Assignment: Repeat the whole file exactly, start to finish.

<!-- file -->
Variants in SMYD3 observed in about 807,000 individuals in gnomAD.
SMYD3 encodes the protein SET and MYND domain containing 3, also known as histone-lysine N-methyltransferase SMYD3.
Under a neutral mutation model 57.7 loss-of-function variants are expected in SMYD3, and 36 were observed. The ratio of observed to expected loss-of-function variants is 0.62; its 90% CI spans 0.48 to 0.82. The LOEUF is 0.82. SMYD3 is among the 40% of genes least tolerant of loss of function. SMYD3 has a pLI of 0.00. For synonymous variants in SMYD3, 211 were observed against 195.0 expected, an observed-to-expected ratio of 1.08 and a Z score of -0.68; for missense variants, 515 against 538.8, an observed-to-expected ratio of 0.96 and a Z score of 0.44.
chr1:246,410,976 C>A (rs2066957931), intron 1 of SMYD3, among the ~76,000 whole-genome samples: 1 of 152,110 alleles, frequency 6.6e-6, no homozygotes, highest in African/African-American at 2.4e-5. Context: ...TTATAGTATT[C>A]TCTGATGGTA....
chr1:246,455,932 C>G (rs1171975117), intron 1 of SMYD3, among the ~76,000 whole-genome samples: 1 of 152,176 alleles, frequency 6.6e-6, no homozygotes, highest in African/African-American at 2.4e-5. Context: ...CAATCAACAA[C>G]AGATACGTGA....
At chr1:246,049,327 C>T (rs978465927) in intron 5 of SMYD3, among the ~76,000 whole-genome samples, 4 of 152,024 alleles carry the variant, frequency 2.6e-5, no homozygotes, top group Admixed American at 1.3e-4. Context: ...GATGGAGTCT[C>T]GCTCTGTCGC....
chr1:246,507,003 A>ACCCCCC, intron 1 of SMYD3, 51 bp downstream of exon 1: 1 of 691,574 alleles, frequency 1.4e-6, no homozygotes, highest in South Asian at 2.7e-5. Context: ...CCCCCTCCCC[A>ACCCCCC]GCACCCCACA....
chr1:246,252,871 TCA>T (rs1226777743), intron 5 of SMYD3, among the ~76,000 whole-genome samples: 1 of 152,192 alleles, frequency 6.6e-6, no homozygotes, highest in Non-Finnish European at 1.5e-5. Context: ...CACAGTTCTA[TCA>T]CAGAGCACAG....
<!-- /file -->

Variants in SMYD3 observed in about 807,000 individuals in gnomAD.
SMYD3 encodes the protein SET and MYND domain containing 3, also known as histone-lysine N-methyltransferase SMYD3.
Under a neutral mutation model 57.7 loss-of-function variants are expected in SMYD3, and 36 were observed. The ratio of observed to expected loss-of-function variants is 0.62; its 90% CI spans 0.48 to 0.82. The LOEUF is 0.82. SMYD3 is among the 40% of genes least tolerant of loss of function. SMYD3 has a pLI of 0.00. For synonymous variants in SMYD3, 211 were observed against 195.0 expected, an observed-to-expected ratio of 1.08 and a Z score of -0.68; for missense variants, 515 against 538.8, an observed-to-expected ratio of 0.96 and a Z score of 0.44.
chr1:246,410,976 C>A (rs2066957931), intron 1 of SMYD3, among the ~76,000 whole-genome samples: 1 of 152,110 alleles, frequency 6.6e-6, no homozygotes, highest in African/African-American at 2.4e-5. Context: ...TTATAGTATT[C>A]TCTGATGGTA....
chr1:246,455,932 C>G (rs1171975117), intron 1 of SMYD3, among the ~76,000 whole-genome samples: 1 of 152,176 alleles, frequency 6.6e-6, no homozygotes, highest in African/African-American at 2.4e-5. Context: ...CAATCAACAA[C>G]AGATACGTGA....
At chr1:246,049,327 C>T (rs978465927) in intron 5 of SMYD3, among the ~76,000 whole-genome samples, 4 of 152,024 alleles carry the variant, frequency 2.6e-5, no homozygotes, top group Admixed American at 1.3e-4. Context: ...GATGGAGTCT[C>T]GCTCTGTCGC....
chr1:246,507,003 A>ACCCCCC, intron 1 of SMYD3, 51 bp downstream of exon 1: 1 of 691,574 alleles, frequency 1.4e-6, no homozygotes, highest in South Asian at 2.7e-5. Context: ...CCCCCTCCCC[A>ACCCCCC]GCACCCCACA....
chr1:246,252,871 TCA>T (rs1226777743), intron 5 of SMYD3, among the ~76,000 whole-genome samples: 1 of 152,192 alleles, frequency 6.6e-6, no homozygotes, highest in Non-Finnish European at 1.5e-5. Context: ...CACAGTTCTA[TCA>T]CAGAGCACAG....